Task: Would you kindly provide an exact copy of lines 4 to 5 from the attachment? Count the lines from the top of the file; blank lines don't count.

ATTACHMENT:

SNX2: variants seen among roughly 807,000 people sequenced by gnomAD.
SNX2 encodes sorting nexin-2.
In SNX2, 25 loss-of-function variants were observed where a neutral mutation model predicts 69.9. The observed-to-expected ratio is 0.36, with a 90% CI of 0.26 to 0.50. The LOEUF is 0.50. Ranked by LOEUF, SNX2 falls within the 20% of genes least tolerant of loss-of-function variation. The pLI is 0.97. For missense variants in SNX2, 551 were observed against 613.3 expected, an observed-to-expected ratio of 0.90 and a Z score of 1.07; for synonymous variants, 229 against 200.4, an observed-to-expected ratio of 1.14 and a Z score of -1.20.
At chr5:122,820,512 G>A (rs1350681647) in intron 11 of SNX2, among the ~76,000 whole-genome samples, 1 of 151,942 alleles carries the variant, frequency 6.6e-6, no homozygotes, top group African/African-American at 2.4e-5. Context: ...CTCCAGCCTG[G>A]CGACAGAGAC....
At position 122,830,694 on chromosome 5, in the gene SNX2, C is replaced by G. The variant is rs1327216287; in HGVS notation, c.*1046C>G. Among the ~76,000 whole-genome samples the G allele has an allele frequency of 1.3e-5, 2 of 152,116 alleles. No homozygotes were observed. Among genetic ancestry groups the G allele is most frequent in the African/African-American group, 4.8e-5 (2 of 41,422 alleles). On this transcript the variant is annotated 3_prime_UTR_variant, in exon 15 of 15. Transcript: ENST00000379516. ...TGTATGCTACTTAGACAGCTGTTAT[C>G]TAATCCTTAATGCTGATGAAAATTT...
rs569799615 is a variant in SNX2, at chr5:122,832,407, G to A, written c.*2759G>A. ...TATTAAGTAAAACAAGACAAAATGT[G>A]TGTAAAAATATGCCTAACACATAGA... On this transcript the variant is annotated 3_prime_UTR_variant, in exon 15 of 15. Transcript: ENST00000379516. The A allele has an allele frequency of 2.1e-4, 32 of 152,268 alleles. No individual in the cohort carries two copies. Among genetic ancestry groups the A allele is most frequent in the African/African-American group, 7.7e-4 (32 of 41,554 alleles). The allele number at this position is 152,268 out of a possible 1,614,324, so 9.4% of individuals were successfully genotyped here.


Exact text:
At chr5:122,820,512 G>A (rs1350681647) in intron 11 of SNX2, among the ~76,000 whole-genome samples, 1 of 151,942 alleles carries the variant, frequency 6.6e-6, no homozygotes, top group African/African-American at 2.4e-5. Context: ...CTCCAGCCTG[G>A]CGACAGAGAC....
At position 122,830,694 on chromosome 5, in the gene SNX2, C is replaced by G. The variant is rs1327216287; in HGVS notation, c.*1046C>G. Among the ~76,000 whole-genome samples the G allele has an allele frequency of 1.3e-5, 2 of 152,116 alleles. No homozygotes were observed. Among genetic ancestry groups the G allele is most frequent in the African/African-American group, 4.8e-5 (2 of 41,422 alleles). On this transcript the variant is annotated 3_prime_UTR_variant, in exon 15 of 15. Transcript: ENST00000379516. ...TGTATGCTACTTAGACAGCTGTTAT[C>G]TAATCCTTAATGCTGATGAAAATTT...